A baker bakes their own birthday cake. End of story.
Last Saturday I celebrated my birthday with my cousin and aunt because, well, we’re a tri-birthday sort of family. I mean, I share the same birthday with my aunt and my cousin’s birthday is only 3 days after ours.
I decided to get a little bit more elegant and mature with my style of cake decorating, instead of the usual pink and speckled cakes I usually do. So after hours (literally) of searching up designs and ideas on Pintrest and many more, I was inspired to do a ganache dripped cake.
What is ganache you ask? Well, it’s a molten chocolate sauce made from mixing chocolate and hot cream together. It’s so versatile. You’ve probably eaten it before, you just didn’t know what it was! Ganache thickens as it cools, so bakers use it to cover numerous surfaces. Cooled ganache can even be whipped into a decadent chocolate frosting.
The ganache resembles a waterfall that’s pouring over the sides and the crevices of your cake. And with a complementing color, such as white or maybe a royal blue, a dark chocolate ganache is just the perfect topping. Plus, you don’t have the make as much frosting because you’re already covering the face of the cake with ganache.
So about 5 cups of flour, 3 cups of sugar, 6 eggs, about 6 cups of frosting, and 2 cups of chocolate ganache later, I had baked and decorated a marvelous cake. I was so lazy to separate my cake layers into 8X1 inch pans, so I simply poured it into a large 9 inch pan.
The inside is Red Velvet Cake and Vanilla Cake, with a vanilla filling. On the outside, it’s a Vanilla Buttercream with dark Chocolate Ganache poured on top.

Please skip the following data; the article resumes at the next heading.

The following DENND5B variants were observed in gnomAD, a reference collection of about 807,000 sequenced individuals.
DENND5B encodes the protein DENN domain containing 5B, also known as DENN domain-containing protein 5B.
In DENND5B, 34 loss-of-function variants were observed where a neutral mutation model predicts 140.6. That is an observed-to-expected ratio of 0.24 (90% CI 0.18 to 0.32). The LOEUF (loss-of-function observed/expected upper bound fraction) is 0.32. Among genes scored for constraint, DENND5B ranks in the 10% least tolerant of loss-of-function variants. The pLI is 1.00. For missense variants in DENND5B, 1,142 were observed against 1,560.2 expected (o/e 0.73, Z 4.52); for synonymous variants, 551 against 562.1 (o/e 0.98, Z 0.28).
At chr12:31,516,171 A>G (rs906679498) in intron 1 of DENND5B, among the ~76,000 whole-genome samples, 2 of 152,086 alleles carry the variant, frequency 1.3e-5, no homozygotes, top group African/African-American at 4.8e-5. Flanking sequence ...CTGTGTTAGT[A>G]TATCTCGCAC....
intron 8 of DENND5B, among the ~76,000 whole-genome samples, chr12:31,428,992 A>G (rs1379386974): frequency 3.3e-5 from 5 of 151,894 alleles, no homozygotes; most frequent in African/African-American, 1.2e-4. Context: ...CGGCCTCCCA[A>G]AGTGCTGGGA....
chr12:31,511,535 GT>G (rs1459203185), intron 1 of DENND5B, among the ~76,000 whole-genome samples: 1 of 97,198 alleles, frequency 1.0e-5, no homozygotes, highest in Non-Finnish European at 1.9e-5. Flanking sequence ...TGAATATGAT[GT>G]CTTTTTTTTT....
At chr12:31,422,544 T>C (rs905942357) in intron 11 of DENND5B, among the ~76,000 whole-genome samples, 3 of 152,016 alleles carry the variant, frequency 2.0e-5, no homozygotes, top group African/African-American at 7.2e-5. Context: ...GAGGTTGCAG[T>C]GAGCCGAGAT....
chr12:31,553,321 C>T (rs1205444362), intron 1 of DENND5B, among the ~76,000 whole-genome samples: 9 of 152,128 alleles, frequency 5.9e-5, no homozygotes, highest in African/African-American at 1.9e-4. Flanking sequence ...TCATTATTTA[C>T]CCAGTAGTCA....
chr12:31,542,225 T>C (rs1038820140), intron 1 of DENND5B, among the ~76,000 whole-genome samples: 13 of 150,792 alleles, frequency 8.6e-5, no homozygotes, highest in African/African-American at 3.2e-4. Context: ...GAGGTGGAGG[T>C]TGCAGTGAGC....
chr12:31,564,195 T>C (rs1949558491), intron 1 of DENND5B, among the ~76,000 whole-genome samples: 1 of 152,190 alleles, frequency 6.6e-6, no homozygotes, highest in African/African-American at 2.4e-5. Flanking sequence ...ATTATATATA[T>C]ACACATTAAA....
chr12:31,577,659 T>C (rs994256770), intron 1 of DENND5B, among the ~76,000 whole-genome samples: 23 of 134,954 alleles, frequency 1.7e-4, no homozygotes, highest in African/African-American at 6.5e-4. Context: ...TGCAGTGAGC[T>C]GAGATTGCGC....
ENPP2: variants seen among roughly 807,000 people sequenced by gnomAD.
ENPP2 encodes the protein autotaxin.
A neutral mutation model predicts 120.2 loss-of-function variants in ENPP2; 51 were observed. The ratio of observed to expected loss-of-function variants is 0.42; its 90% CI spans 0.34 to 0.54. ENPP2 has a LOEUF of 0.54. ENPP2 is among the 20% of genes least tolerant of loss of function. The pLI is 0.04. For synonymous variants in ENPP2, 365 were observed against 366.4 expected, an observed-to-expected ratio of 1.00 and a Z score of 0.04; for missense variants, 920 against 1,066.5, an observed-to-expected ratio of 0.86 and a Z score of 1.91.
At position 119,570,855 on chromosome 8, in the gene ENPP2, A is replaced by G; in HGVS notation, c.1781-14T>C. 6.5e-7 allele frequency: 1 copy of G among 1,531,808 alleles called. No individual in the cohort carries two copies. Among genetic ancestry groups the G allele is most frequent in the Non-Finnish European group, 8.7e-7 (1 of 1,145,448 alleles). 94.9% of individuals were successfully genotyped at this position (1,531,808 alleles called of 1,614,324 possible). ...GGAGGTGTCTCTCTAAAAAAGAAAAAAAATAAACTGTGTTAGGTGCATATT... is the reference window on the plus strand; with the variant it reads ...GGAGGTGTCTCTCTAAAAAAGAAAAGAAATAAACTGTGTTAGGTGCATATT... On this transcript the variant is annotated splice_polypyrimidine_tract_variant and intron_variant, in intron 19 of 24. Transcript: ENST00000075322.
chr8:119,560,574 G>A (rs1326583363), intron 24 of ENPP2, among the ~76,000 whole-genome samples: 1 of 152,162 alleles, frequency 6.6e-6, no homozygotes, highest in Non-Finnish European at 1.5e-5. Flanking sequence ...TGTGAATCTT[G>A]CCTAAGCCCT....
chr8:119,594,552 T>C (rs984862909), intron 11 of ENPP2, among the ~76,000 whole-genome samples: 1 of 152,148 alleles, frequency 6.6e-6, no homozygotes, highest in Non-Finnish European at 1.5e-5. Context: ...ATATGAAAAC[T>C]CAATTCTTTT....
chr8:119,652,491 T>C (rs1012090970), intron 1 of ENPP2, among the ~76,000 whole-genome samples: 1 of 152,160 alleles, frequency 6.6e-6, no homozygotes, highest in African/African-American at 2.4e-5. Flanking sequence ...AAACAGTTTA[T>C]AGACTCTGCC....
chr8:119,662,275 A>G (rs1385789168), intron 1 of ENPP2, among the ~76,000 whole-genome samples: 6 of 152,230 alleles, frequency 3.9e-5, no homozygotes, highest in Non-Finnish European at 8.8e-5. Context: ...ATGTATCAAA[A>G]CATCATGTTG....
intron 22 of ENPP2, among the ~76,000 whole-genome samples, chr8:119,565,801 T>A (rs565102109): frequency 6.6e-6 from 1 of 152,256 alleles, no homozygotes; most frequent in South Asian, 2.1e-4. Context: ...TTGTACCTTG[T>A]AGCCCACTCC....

(Yes the red velvet cake is sunken because I opened the oven door and let out the heat waaay too early)
You can get extremely impressive results with a poured ganache method. Did I mention it’s so incredibly easy? All you need is your ganache and a spoon and you’re good to go!
I made my ganache in the microwave, as my kitchen was a bit preoccupied that day.
Today’s post isn’t a tutorial, but merely just a short blog post about the cake that I wanted to share with you all!
I included a recipe for chocolate ganache below. I eyeball my ingredients whenever I make ganache; however when I come across an exact recipe that works I’ll be sure to post a tutorial.
- 2 parts dark chocolate chips, or baker’s chocolate
- 1 part chocolate
- Place your chocolate in a microwave safe bowl, or measuring cup first. Then, pour heavy whipping cream on top. In order to make ganache in the microwave, you must have enough whipping cream to cover the top of your chocolate, or else it will burn.
- On 50% heat, microwave your whipping cream and chocolate chip mixture for 3 minutes.
- After 3 minutes, stir. Be careful to stir gently, or else you will ruin the ganache.
- On 100% heat, microwave your whipping cream and chocolate chip mixture for another 30 seconds.
- After 30 seconds, stir gently until no more lumps remain. The stirring part is crucial because just like cake batter, once the ganache is overmixed, it’s ruined.
To pour ganache over your cake, first let your chocolate mixture cool. Don’t let it cool completely, or it will be too thick to work with. Make sure your cake is frosted and cold! When the chocolate is cool, in a circular motion, pour the chocolate onto the top of your cake. Using the back of a spoon, spread the chocolate to the sides of your cake. Depending on how large your cake is, you might need to pour a bit more in order to get the chocolate to the edges of your cake. Although, less is more! Once your chocolate has reached the edge of your cake, pour a bit more in the center. Using the spoon, again, in a circular motion, spread out the chocolate. You will see that some chocolate is beginning to fall beautifully off your cake. Don’t try to hard to get the drips correct. They are drips, and they fall naturally with gravity.
I promise you that ganache dripping your cake will absolutely astonish your guests at your next dinner or birthday party. Their jaws will drop. The dark, almost black color of the chocolate contrasts with the pale, but certainly bright color of the vanilla buttercream. This is a great technique that is impressive and easy to master!
Good luck, and happy baking everyone!